With the reveal of its new Entune system at this year’s Consumer Electronics Show, Toyota is ready to move onto the next generation of in-car technology. The Japanese automaker has teamed up with Microsoft to develop a new content delivery network based on cloud computing.
The new system will be built on Microsoft’s Windows Azure platform, which stores data remotely -- in “the cloud” -- and allows users to access their information from any location. Toyota is hoping to have a global cloud platform by 2015 with which to provide vehicle information and in-car entertainment to Toyota owners.
This is not a new entertainment system, however. The cloud-based technology will only be used to provide content and usage information to and from the car to computers and mobile devices. The first vehicle to receive the new technology will be the Prius plug-in hybrid, when it goes on sale next year. Following the Prius PHEV the RAV4 EV and the iQ-based EV city car will also get the new tech. With the application of the cloud computing to the electric vehicles, Toyota and drivers will be able to see what kind of battery usage and mileage the cars are getting in real-time.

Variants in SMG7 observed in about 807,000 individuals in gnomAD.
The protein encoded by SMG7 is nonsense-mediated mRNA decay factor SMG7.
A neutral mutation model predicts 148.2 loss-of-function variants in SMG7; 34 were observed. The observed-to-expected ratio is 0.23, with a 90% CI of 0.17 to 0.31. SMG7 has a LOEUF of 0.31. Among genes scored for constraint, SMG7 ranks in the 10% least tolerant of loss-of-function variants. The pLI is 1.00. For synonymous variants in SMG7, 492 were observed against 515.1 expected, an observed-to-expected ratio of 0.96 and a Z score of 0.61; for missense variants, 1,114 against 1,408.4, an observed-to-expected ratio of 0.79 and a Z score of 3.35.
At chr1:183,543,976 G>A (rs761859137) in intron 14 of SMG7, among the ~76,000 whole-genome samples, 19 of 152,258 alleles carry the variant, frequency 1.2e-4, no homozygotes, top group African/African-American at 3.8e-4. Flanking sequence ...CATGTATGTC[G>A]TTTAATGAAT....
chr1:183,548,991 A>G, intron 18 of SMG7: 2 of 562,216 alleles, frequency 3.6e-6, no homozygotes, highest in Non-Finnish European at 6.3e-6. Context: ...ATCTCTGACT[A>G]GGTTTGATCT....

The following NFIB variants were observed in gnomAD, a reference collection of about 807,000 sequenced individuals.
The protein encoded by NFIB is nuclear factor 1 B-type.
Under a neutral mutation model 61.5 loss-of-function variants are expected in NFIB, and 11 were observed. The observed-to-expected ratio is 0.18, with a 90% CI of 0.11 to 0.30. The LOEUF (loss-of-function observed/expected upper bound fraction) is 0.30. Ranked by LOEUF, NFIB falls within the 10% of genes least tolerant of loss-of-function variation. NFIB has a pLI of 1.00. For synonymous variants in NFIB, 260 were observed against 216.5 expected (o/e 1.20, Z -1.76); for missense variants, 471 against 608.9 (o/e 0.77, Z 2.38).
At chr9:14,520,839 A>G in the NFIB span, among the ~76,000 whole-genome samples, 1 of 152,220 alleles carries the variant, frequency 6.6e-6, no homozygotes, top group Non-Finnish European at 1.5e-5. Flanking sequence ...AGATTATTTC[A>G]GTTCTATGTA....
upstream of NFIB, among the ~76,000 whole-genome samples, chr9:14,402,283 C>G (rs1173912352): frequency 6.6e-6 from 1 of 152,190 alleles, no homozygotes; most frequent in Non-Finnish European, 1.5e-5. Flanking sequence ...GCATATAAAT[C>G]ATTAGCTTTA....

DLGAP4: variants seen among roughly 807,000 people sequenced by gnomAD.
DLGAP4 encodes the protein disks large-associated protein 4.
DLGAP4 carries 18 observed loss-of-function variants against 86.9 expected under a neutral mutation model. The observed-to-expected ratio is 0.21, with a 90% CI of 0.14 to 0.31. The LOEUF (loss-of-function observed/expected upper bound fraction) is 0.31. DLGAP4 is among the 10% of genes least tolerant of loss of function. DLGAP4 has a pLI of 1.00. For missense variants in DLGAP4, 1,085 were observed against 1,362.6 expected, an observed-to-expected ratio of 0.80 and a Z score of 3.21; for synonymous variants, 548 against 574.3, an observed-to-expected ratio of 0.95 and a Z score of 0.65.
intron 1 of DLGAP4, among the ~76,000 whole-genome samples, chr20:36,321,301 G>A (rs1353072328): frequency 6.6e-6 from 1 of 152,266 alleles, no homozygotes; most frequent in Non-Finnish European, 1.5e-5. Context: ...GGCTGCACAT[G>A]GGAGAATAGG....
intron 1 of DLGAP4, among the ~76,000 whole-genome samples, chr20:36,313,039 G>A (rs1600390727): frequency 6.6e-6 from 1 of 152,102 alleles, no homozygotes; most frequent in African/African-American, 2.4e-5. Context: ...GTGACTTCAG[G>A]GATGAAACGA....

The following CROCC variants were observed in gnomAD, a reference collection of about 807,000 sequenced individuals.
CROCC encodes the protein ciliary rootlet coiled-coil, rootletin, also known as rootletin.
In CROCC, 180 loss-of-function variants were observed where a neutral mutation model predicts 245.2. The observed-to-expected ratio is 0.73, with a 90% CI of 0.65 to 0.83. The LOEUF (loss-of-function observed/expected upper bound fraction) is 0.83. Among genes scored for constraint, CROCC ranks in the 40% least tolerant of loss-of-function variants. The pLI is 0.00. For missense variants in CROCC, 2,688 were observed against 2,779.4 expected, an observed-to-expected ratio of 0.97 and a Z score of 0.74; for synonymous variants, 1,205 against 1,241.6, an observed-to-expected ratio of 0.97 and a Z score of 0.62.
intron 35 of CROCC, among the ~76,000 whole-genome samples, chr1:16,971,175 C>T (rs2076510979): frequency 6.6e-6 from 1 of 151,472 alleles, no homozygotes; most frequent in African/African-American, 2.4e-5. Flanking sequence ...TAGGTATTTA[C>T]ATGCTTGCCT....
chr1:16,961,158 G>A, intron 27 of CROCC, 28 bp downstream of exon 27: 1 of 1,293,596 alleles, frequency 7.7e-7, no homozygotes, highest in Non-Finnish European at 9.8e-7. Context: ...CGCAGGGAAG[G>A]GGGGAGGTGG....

Toyota has not decided yet if it will combine the cloud-based distribution network with its recently announced Entune in-car infotainment system. Similar to Ford’s Sync, Entune fully integrates a driver’s mobile phone, streaming audio, web searches, and navigation into the car.
The new cloud computing being developed will also be used by Toyota as part of its Smart Center trials in Japan, where it is linking people, cars, and homes for an integrated control and monitoring of energy consumption.
Microsoft and Toyota will invest approximately $12 million into the joint venture of Toyota Media Service Company to develop the cloud-to-car network.